She was the queen of the buyers. Gloria Cansino Weiner Adams, cofounder of Saxon Shoes in Richmond, VA, passed away peacefully on Feb. 5, 2020, at home after a hard-fought battle with congestive heart failure. She was 89 years old.
Gloria and her first husband, Jack Weiner, opened Saxon Shoes at 410 East Grace St. in June of 1953. She and Jack worked hard to make Saxon Shoes the premier store in Richmond and along the East Coast. During her decades-long career that spanned into the early aughts, Saxon Shoes evolved from an 800-square-foot children’s orthopedic specialty store into a 19,000-square-foot destination comfort and lifestyle store—the house that Jack and Gloria built—featuring men’s, women’s and children’s collections. Today, there are two Saxon Shoe locations in Richmond, including a 26,000-square-foot super store in one of the country’s A-list shopping meccas, the Short Pump Town Center.
Gloria’s keen eye for fashion, hard work and incredible organizational skills was the driving force behind Saxon Shoes’ success, making her an icon in the footwear industry. Buyers nationwide would often shop the store as well as follow her at trade shows to see what “Gloria from Saxon” was buying.
“One of the highlights of my footwear career was walking the shoe shows with my mother and watching the respect and love that everyone showed her—from the salesmen to the presidents,” says her son and Saxon Shoes President Gary Weiner. “Everybody knew who my mother was. She had an incredibly keen eye for fashion and, more importantly, for her customers. She could pick shoes, colors and trends. She’d change samples and manufacturers would put those shoes into their lines.”
Gary attributes his mother’s buying talents, in part, to her immense artistic abilities. (She would sketch every shoe she bought to keep a running list for each season.) “She was unbelievably creative and talented,” he says, adding that she was also the organizational force that kept Saxon Shoes running smoothly. “My dad was the front man. Anything that needed to be organized was done by my mother.”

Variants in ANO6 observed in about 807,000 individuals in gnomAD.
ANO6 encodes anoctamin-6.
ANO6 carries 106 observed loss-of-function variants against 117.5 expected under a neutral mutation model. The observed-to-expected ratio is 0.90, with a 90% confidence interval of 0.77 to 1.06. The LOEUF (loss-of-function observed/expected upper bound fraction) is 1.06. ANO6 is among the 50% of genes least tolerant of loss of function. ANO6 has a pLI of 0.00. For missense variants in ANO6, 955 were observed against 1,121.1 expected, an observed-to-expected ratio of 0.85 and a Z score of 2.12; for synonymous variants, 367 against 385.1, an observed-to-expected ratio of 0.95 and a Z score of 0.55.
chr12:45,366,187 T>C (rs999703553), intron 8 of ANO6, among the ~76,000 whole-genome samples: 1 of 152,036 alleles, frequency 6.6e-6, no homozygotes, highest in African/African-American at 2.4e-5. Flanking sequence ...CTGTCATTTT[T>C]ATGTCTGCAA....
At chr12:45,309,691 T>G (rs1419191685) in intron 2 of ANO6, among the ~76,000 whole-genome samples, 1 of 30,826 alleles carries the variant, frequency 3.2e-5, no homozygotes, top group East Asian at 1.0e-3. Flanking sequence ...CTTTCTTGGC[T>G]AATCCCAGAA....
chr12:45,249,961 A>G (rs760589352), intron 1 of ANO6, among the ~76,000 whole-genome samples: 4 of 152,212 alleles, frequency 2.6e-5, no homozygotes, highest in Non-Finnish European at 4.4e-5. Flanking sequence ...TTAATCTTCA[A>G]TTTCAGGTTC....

She was also the visionary. Gloria was the one who, in the ’60s, introduced women’s shoes and handbags to the Saxon Shoes mix. “That was the turning point for our business,” Gary says. She would go on to introduce an array of now notable brands and styles to Richmond and beyond. “My mother was one of the original queens of Garolini. She also loved Stuart Weitzman from its start, among many other names that have since come and gone,” Gary says. “She was just very timely and always up on the latest trends. She was also always a classy dresser. There was never a doubt in anybody’s mind that my mother was a lady. Period.”
In addition to setting a shining sartorial example, Gary says his mother’s approach to doing business was equally commendable. Her No. 1 rule: There is only one way to do things, and it’s the right way. That attention to correctness extended all the way down to the tidiness of tissue papers inside shoe boxes. “She was a stickler for shoes being put in the box the way they came out when they were new—they had to be put back neatly,” Gary says. “‘You don’t leave a mess when you are working with customers. You pick up your trash.’ It’s the same things she taught me as a kid about always saying please and thank you.” Gary adds, “In the world of business and life, she was always a role model in every respect straight through to her dying days.” Along those lines, Gary says his mother demanded and gave respect to everybody. “It was always a two-way street,” he says. “She was polite, courteous, driven, strong and loving. Most importantly, she was extremely fair.”
That fairness and respect extended to her family, her dedicated employees and her beloved customers. “My mother knew her shoes and she knew her customers—and she cared,” Gary says. “She wanted people, young and old, to be happy with whatever they chose.”
Perhaps that’s one reason why, back in the ’80s, Nordstrom would regularly charter a bus filled with a dozen or so of their buyers to Saxon Shoes to take copious notes. “They’d unload right out in front of our store,” Gary recalls. “It bothered her a bit, but it was a testament to how good of a buyer and a retailer my mother was.” —Greg Dutter